Historicaly one of the most elusive aspects of Bertoldo’s practice is the process he followed between design and production. While there are certainly “Bertoldian” stylistic elements that unify his statues, medals, reliefs, and statuettes, the works are at times markedly dissimilar in their execution. Having no known workshop of his own, it seems that the sculptor enlisted other Florentine artists to realize his designs. This theory is supported through documents and inscriptions on the objects themselves. Adriano Fi re tino, for example, cast Bellerophon Taming Pegasus, a statuette after Bertoldo’s design, and his concept for the frieze on the facade of the Medici Villa in Poggio
a Caiano was rendered in terracotta by the della Robbia workshop. In addition, Andrea Guacialoti cast the medals commemorating the Pazzi Conspiracy for Lorenzo de’ Medici from Bertoldo’s model.

By displaying these objects together for the first time at the Frick, the exhibition will elucidate the dynamic role of Bertoldo as a designer and collaborator. Extensive technical analysis has been conducted on almost every work included in the display, the first comprehensive campaign ever undertaken on the sculptor’s artistic output.

Major support for the exhibition is provided by the Robert H. Smith Family Foundation and Mrs. Daniel Cowin in honor of Ian Wardropper. Additional funding is generously provided by Margot and Jerry Bogert, The Andrew W. Mellon Foundation, the Samuel H. Kress Foundation, Dr. Stephen K. Scher and Janie Woo Scher, and the Malcolm Hewitt Wiener Foundation.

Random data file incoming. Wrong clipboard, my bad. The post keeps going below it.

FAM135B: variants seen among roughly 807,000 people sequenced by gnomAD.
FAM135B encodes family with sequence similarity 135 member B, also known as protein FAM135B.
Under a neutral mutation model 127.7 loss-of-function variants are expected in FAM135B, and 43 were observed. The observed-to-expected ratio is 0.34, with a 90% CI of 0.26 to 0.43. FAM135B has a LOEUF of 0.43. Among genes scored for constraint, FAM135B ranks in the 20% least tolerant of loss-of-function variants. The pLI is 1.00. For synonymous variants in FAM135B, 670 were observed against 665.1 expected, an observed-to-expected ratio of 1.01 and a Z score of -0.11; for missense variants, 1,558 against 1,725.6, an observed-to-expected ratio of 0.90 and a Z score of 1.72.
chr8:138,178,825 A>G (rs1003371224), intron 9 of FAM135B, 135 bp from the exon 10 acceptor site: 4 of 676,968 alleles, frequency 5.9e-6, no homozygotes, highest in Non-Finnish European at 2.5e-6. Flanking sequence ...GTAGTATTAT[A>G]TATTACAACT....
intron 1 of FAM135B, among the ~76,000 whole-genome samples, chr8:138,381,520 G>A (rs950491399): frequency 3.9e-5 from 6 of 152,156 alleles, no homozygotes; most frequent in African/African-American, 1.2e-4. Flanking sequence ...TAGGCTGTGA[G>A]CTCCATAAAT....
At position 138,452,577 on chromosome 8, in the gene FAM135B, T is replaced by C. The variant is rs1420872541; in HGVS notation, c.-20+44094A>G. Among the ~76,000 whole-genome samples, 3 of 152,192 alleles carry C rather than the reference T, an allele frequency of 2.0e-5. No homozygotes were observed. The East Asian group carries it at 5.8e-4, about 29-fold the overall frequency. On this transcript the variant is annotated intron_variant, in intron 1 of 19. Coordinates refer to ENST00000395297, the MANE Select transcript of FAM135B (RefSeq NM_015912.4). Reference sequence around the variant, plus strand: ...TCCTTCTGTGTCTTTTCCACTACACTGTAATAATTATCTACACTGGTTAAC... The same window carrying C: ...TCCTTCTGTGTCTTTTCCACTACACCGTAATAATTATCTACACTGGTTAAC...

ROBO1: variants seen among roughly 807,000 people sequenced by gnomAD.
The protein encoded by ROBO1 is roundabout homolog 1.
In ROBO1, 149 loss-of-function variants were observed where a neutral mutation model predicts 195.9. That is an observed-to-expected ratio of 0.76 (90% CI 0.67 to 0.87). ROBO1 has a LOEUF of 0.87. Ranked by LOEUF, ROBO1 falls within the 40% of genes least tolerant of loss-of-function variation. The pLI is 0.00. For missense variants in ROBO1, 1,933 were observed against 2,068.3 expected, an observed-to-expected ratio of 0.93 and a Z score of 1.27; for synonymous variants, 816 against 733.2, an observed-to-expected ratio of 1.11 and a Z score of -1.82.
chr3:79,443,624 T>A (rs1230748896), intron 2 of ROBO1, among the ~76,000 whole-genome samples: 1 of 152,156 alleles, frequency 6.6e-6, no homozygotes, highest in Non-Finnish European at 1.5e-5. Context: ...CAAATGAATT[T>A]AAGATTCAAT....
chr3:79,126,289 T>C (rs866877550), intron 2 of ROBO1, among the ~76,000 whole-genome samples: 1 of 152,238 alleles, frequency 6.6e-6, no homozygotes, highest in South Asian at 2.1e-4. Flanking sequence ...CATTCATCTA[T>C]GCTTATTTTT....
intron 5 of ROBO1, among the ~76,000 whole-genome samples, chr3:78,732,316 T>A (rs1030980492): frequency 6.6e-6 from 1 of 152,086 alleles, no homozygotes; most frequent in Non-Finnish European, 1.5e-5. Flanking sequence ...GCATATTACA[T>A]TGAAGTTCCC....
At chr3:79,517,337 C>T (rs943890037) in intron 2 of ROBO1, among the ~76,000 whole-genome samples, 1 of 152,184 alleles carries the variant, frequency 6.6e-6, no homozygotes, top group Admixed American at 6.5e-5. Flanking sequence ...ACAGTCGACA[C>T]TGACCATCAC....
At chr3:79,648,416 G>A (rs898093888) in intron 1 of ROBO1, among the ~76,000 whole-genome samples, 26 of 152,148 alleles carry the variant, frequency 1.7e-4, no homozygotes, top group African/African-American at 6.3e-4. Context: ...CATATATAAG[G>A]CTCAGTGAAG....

A major scholarly catalogue, published with D Giles Ltd, will accompany the exhibition. This is the first book on Bertoldo in more than twenty-five years and only the third ever to focus on the artist, following James David Draper’s Bertoldo di Giovanni, Sculptor of the Medici Household: Critical Reappraisal and Catalogue Raisonné (1992) and Wilhelm von Bode’s Bertoldo und Lorenzo dei Medici: die Kunstpolitik des Lorenzo Il Magnifico im Spiegel der Werke seines Lieblingskünstlers Bertoldo di Giovanni (1925). After a general essay that will examine Bertoldo’s life, artistic development, and creative process, the thirteen essays in the Frick’s catalogue will be divided
into four sections: thematic, object-based, technical, and document-based. Full catalogue entries will be provided for every object in the show and a comp ete documentary appendix will reproduce all the known archival materials related to Bertoldo’s life and artwork (more than 100 documents, many published for the first time). In addition to the exhibition curators, such esteemed scholars as Peter Bell (Cincinnati Art Museum), Francesco Caglioti (University of Naples Federico II), James David Draper (Metropolitan Museum of Art), Caroline Elam (Warburg Institute, London), Scott Nethersole (The Courtauld Institute of Art, London), Neville Rowley (Staatliche Museen zu Berlin),